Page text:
My officemate, a Dartmouth Undergrad and Harvard Law School Alum (who was also negatively affected by the firm) had this to say about me when recommending me for a position with the federal government after the layoffs occurred:
“when the economy produced scarce billable work, some attorneys were content to wait at their desks until a new project was given to them; [Joblesslawyer] tirelessly sought out pro bono and practice development opportunities, both within and outside the firm.”
Looking back… a lot of good that did me.
Aside from pro-bono, the first year’s attended more CLE classes then most attorneys attend throughout an entire career. If there was an open program being offered it was attended by the first-years. From an hours perspective this was worse than pro-bono time because this was included in our time sheets as “non-billable attorney development.” But choosing between CLE credits or sitting in one’s office watching old episodes of Arrested Development on Hulu (yes this was done regularly by the 95% of associates that had vacant time), the former would usually win out. I left the firm with enough CLE credits for the entire year plus all allowable credits that could be applied to next year. If extras could be transfered to other attorneys, I could likely stay afloat financially just selling my unused but accrued CLE credits from all the firm events I attended. I have enough print outs of power-point slides to wallpaper the Russian Tea Room twice over. So much for showing how eager to learn I was. Although I don’t regret not watching Hulu more, because I now have all the time in the world for that.
The sixty or so first years, no doubt, spent more time organizing a mandatory holiday sing-a-long the two weeks leading up to Christmas than any client billable work up until that point. Those from my class know this is no exaggeration. The holiday party was treated for our purposes as the largest and most important firm client we had ever seen (we hadn’t seen many, but that’s besides the point). We had to take popular holiday songs, change their words to witty legal themed lyrics, practice them and perform them in front of the partners. One choice line was:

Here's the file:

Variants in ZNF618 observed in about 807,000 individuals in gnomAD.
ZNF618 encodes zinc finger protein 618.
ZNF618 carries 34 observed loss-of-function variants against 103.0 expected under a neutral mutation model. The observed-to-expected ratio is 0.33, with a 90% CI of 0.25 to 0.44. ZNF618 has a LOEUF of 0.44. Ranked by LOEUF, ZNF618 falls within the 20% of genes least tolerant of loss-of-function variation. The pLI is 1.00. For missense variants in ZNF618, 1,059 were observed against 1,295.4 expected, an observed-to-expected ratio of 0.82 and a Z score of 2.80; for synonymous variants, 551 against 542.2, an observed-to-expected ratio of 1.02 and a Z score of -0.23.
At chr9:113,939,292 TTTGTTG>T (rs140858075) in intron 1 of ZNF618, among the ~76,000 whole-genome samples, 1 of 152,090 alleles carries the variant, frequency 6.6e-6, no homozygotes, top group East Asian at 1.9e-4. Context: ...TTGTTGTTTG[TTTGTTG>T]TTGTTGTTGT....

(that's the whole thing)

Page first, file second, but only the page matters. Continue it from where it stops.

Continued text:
“I’m dreaming of a small jail cell… just like the one Bernie Madoff used to know.”
If this would have kept me my job I would have sung all day long, now it just seems embarrassing to even have spent so much time and effort on this. I now imagine the partners snickering to themselves saying “you see the small guy with the Santa hat… he’s a goner” and yes … the Santa hats were mandatory. Despite all the effort opening night was worse than a third grade recital, perhaps our performance played a role in the layoff calculus, since this was some of the most substantial work we engaged in at the firm.
The big picture for us was bleak, and as we were learning this together as a class. We came to hate the arbitrary staffing system because there was nothing we could do to assure work. Further, those getting work were getting it mostly from secret networks, that did not conform to firm protocol and were not available to the rest of us. Typical white shoe cronyism I guess, no surprises there.
This was why when I was staffed on a huge anti-trust case I felt as if I had won the lottery. I worked my butt off on this case. I put in twelve hour days working straight through weekends, and left the office regularly at 4am. Everyone on the project was working these hours, but the strangest thing was we were all ecstatic to do so. “Thank you sir may I have another” was our mantra. To us it was a glimmer of hope, a glimmer of a chance to avoid what we came to see as the inevitable.